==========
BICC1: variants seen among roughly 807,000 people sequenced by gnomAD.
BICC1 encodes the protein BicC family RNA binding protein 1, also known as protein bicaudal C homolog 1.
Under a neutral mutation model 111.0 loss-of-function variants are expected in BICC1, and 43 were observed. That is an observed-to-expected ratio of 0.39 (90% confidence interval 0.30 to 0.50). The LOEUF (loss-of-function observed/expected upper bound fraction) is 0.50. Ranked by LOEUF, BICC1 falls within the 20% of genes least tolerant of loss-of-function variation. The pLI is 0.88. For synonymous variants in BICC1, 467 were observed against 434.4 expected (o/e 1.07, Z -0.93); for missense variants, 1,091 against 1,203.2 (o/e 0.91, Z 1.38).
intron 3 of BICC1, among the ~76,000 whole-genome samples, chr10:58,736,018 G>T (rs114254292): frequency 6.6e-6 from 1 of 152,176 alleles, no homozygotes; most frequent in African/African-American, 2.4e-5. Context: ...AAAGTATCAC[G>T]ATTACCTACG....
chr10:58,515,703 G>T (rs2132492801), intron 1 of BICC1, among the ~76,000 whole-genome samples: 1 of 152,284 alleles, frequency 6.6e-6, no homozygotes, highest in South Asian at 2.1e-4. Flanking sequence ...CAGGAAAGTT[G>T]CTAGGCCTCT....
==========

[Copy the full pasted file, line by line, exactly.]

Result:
BICC1: variants seen among roughly 807,000 people sequenced by gnomAD.
BICC1 encodes the protein BicC family RNA binding protein 1, also known as protein bicaudal C homolog 1.
Under a neutral mutation model 111.0 loss-of-function variants are expected in BICC1, and 43 were observed. That is an observed-to-expected ratio of 0.39 (90% confidence interval 0.30 to 0.50). The LOEUF (loss-of-function observed/expected upper bound fraction) is 0.50. Ranked by LOEUF, BICC1 falls within the 20% of genes least tolerant of loss-of-function variation. The pLI is 0.88. For synonymous variants in BICC1, 467 were observed against 434.4 expected (o/e 1.07, Z -0.93); for missense variants, 1,091 against 1,203.2 (o/e 0.91, Z 1.38).
intron 3 of BICC1, among the ~76,000 whole-genome samples, chr10:58,736,018 G>T (rs114254292): frequency 6.6e-6 from 1 of 152,176 alleles, no homozygotes; most frequent in African/African-American, 2.4e-5. Context: ...AAAGTATCAC[G>T]ATTACCTACG....
chr10:58,515,703 G>T (rs2132492801), intron 1 of BICC1, among the ~76,000 whole-genome samples: 1 of 152,284 alleles, frequency 6.6e-6, no homozygotes, highest in South Asian at 2.1e-4. Flanking sequence ...CAGGAAAGTT[G>T]CTAGGCCTCT....